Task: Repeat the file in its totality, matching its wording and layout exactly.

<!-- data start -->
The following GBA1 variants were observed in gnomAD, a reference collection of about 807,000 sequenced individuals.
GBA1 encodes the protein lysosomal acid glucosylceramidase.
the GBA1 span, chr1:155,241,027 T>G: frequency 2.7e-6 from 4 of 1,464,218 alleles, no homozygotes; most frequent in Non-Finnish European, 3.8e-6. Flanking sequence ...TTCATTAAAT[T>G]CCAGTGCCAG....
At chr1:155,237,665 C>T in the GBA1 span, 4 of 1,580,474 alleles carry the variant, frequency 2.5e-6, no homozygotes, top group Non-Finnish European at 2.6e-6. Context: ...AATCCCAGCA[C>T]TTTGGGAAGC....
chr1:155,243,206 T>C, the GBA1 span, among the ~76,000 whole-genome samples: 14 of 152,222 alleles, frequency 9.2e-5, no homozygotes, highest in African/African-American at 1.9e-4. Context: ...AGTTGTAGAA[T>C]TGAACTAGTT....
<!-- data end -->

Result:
The following GBA1 variants were observed in gnomAD, a reference collection of about 807,000 sequenced individuals.
GBA1 encodes the protein lysosomal acid glucosylceramidase.
the GBA1 span, chr1:155,241,027 T>G: frequency 2.7e-6 from 4 of 1,464,218 alleles, no homozygotes; most frequent in Non-Finnish European, 3.8e-6. Flanking sequence ...TTCATTAAAT[T>G]CCAGTGCCAG....
At chr1:155,237,665 C>T in the GBA1 span, 4 of 1,580,474 alleles carry the variant, frequency 2.5e-6, no homozygotes, top group Non-Finnish European at 2.6e-6. Context: ...AATCCCAGCA[C>T]TTTGGGAAGC....
chr1:155,243,206 T>C, the GBA1 span, among the ~76,000 whole-genome samples: 14 of 152,222 alleles, frequency 9.2e-5, no homozygotes, highest in African/African-American at 1.9e-4. Context: ...AGTTGTAGAA[T>C]TGAACTAGTT....